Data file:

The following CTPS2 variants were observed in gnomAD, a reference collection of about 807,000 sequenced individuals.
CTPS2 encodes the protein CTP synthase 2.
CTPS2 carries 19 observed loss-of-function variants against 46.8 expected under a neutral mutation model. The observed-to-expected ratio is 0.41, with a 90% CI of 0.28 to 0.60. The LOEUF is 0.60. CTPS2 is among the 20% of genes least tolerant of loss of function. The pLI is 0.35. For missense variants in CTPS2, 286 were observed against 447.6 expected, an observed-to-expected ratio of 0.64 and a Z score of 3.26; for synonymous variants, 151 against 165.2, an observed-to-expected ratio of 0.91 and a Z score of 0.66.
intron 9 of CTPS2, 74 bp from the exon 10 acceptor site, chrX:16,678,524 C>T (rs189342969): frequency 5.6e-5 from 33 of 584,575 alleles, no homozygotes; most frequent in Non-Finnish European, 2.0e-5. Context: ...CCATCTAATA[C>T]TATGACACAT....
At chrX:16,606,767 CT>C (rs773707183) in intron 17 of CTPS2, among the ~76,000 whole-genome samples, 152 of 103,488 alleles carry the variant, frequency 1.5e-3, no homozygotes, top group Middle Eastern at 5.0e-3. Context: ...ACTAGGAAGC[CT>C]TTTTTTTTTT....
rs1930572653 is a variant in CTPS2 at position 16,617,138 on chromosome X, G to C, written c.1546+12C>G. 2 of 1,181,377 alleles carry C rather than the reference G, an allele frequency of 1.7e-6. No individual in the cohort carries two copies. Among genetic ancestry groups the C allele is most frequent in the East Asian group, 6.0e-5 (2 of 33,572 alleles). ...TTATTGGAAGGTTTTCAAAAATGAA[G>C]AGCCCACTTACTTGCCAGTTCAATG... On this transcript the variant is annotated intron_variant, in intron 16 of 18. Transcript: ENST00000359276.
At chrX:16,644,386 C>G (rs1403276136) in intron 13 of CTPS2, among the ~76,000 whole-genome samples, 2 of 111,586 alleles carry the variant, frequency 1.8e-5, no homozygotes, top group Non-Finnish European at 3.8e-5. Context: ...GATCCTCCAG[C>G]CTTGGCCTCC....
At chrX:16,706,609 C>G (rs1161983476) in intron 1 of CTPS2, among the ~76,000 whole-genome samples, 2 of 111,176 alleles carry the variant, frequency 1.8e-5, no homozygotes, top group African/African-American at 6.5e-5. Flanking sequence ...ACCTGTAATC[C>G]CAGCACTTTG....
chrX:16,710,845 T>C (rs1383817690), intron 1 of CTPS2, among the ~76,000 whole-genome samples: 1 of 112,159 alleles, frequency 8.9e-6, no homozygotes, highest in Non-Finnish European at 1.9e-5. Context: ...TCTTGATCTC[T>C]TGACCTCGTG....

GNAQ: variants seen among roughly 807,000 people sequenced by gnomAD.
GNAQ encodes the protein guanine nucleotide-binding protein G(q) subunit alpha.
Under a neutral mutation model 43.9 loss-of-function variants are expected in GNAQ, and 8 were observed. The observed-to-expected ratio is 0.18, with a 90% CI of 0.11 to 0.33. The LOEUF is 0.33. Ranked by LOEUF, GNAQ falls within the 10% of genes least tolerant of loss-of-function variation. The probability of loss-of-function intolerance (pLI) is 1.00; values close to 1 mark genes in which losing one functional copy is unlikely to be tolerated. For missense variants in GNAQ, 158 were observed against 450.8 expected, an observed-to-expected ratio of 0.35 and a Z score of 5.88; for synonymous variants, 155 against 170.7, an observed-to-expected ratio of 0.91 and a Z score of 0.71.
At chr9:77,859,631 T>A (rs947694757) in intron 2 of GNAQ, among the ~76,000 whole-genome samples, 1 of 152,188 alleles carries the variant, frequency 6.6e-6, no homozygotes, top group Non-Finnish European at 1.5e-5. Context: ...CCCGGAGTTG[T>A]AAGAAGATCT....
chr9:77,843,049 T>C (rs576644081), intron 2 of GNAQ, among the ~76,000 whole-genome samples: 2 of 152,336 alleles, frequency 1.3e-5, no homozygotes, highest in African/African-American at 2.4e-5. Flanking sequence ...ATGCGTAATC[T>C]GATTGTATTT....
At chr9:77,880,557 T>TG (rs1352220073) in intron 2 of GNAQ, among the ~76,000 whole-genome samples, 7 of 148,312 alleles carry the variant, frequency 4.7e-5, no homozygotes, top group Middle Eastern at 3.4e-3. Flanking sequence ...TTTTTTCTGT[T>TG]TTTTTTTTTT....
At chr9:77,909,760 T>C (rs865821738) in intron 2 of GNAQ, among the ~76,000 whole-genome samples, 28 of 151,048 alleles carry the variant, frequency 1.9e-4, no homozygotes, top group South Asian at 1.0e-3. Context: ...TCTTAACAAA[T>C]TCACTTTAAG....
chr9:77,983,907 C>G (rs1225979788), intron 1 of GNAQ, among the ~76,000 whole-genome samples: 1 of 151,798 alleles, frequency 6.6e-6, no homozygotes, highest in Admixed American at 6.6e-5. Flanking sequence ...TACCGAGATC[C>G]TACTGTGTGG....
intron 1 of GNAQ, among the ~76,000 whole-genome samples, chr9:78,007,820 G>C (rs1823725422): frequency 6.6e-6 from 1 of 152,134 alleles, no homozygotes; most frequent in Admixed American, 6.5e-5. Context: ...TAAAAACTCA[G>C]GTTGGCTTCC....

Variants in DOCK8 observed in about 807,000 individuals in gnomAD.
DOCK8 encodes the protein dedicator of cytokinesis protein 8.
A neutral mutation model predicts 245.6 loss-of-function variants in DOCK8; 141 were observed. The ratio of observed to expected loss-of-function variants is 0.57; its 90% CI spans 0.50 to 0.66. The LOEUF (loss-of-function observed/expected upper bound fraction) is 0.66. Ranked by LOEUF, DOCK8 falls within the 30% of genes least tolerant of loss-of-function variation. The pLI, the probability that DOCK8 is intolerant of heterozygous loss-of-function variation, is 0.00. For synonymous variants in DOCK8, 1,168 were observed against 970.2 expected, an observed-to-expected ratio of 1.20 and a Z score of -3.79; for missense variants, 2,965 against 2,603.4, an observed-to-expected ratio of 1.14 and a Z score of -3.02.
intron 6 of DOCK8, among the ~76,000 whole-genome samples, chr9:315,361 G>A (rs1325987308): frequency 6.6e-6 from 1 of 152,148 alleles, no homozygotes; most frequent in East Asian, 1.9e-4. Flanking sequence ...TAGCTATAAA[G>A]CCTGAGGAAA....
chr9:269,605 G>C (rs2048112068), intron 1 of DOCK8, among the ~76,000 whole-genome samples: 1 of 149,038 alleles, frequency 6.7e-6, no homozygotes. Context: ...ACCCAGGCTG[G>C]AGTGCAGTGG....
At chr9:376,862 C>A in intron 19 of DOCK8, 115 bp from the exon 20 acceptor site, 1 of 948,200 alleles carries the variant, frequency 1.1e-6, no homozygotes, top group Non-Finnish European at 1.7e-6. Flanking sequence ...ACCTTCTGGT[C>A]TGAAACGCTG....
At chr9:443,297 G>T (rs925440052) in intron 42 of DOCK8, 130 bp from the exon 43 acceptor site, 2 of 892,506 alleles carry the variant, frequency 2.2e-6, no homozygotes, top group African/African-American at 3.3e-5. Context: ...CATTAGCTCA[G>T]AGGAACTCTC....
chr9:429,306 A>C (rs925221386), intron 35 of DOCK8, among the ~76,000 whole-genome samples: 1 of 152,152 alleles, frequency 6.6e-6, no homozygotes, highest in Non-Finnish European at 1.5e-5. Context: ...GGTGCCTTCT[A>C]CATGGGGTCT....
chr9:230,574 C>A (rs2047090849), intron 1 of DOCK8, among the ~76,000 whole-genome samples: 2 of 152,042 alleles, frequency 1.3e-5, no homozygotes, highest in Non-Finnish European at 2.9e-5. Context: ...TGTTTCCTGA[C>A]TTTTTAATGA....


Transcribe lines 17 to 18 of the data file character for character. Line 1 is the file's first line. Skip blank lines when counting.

chr9:77,983,907 C>G (rs1225979788), intron 1 of GNAQ, among the ~76,000 whole-genome samples: 1 of 151,798 alleles, frequency 6.6e-6, no homozygotes, highest in Admixed American at 6.6e-5. Flanking sequence ...TACCGAGATC[C>G]TACTGTGTGG....
intron 1 of GNAQ, among the ~76,000 whole-genome samples, chr9:78,007,820 G>C (rs1823725422): frequency 6.6e-6 from 1 of 152,134 alleles, no homozygotes; most frequent in Admixed American, 6.5e-5. Context: ...TAAAAACTCA[G>C]GTTGGCTTCC....